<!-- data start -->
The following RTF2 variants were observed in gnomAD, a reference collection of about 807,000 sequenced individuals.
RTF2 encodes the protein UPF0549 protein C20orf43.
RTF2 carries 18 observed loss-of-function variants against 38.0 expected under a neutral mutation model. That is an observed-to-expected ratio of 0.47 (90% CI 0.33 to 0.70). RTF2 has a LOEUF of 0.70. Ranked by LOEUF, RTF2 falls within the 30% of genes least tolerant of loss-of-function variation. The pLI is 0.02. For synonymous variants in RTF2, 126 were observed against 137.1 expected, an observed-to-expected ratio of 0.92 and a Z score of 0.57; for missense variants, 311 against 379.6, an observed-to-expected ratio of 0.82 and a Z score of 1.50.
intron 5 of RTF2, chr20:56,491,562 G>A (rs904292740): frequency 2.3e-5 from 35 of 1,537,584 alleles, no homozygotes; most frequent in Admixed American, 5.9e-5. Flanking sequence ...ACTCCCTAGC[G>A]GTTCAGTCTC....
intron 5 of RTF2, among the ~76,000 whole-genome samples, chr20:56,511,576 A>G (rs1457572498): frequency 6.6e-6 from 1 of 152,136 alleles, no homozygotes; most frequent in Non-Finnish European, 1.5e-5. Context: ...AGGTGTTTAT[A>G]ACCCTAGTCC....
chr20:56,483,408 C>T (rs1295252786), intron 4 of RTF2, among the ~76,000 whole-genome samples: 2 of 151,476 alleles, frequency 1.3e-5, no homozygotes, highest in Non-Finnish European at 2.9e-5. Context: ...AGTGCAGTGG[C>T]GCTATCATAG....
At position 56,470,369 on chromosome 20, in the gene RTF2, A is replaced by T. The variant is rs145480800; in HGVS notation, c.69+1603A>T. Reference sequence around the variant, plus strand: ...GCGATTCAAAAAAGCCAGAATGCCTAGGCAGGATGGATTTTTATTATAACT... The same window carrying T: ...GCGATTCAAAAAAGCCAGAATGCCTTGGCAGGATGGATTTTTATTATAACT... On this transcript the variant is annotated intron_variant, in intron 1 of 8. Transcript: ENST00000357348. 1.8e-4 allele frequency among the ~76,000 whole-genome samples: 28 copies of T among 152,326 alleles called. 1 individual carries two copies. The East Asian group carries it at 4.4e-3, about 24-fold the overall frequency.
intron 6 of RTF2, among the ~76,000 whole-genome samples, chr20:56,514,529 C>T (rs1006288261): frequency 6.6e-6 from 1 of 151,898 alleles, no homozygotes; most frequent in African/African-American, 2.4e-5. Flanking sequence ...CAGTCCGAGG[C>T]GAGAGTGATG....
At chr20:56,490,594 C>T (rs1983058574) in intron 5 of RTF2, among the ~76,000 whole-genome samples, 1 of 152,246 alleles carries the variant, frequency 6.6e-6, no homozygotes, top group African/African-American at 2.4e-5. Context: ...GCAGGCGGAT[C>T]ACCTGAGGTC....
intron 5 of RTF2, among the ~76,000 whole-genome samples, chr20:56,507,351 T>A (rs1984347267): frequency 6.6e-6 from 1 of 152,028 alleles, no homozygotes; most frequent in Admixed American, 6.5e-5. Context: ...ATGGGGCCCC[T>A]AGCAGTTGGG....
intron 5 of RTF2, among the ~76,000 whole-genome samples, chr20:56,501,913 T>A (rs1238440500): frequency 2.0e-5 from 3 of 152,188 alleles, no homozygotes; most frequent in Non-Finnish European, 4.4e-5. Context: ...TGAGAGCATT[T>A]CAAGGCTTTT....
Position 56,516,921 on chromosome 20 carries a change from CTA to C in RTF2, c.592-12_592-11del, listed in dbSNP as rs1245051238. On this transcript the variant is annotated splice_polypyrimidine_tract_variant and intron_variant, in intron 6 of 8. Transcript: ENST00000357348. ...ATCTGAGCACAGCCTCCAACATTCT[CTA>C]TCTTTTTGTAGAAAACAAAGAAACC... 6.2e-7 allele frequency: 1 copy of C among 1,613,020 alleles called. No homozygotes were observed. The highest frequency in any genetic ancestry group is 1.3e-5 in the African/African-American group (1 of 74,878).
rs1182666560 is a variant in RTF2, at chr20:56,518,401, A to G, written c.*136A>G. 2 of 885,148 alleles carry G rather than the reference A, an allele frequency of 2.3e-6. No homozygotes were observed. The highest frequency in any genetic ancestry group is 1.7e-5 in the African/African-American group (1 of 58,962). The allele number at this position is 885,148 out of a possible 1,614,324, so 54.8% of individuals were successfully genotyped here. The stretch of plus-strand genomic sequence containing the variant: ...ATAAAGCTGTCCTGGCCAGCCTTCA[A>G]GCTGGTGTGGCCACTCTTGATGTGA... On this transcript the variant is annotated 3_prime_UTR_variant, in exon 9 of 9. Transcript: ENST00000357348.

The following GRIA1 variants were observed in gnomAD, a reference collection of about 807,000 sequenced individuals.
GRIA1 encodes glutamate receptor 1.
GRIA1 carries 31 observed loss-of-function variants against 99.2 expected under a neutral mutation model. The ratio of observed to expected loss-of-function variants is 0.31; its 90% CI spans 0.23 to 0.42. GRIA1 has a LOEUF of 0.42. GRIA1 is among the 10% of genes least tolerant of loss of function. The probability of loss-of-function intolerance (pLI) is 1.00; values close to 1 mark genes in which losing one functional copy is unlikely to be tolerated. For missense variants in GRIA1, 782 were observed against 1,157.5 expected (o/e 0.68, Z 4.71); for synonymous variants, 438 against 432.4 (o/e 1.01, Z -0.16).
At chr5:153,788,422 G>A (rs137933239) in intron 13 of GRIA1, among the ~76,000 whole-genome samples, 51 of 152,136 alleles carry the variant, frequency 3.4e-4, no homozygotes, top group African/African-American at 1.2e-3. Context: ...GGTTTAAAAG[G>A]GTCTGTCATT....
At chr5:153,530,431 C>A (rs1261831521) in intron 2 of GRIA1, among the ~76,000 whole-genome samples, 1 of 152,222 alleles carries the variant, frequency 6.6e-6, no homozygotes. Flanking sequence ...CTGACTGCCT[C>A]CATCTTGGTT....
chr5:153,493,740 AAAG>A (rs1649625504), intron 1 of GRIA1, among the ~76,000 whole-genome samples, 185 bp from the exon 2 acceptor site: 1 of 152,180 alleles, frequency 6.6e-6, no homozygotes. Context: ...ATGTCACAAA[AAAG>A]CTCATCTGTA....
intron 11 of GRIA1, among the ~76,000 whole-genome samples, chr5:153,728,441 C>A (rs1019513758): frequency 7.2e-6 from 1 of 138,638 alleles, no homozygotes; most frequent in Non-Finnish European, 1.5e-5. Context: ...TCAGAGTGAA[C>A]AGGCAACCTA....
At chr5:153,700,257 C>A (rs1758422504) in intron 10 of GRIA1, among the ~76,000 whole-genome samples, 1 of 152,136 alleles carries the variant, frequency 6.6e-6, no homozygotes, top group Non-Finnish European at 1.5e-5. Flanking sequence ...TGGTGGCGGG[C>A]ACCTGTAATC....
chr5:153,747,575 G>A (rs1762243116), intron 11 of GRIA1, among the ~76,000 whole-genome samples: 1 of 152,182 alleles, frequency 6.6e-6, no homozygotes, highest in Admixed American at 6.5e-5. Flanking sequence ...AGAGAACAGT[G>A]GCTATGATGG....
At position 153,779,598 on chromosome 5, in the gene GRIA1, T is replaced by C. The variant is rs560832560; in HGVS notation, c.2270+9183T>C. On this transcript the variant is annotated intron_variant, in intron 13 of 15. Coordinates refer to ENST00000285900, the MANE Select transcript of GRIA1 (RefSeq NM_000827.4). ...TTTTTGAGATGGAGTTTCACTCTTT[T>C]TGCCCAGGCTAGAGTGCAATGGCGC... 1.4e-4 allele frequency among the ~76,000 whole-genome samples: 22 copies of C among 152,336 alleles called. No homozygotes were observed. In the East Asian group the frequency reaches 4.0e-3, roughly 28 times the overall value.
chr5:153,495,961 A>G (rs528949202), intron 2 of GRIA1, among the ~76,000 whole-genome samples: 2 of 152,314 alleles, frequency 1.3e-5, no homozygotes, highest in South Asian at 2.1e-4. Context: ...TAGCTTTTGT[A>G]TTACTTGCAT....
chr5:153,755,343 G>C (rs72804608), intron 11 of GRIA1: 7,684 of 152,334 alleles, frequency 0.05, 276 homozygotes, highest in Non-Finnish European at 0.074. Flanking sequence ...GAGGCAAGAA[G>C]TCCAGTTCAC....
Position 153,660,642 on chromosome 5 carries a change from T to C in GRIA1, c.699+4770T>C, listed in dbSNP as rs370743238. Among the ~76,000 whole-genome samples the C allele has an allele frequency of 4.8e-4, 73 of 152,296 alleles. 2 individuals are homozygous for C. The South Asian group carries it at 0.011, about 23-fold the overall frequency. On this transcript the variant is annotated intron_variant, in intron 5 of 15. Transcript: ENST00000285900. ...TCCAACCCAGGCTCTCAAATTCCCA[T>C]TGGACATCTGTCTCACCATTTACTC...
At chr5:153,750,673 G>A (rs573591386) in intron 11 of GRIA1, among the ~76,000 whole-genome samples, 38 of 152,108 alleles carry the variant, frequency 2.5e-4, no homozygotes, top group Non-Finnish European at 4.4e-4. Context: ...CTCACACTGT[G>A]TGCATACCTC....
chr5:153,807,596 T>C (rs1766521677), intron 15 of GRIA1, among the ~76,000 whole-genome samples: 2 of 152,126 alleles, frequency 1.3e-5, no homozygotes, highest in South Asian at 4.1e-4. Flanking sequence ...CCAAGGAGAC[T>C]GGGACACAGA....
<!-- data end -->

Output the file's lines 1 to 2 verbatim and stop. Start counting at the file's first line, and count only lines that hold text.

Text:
The following RTF2 variants were observed in gnomAD, a reference collection of about 807,000 sequenced individuals.
RTF2 encodes the protein UPF0549 protein C20orf43.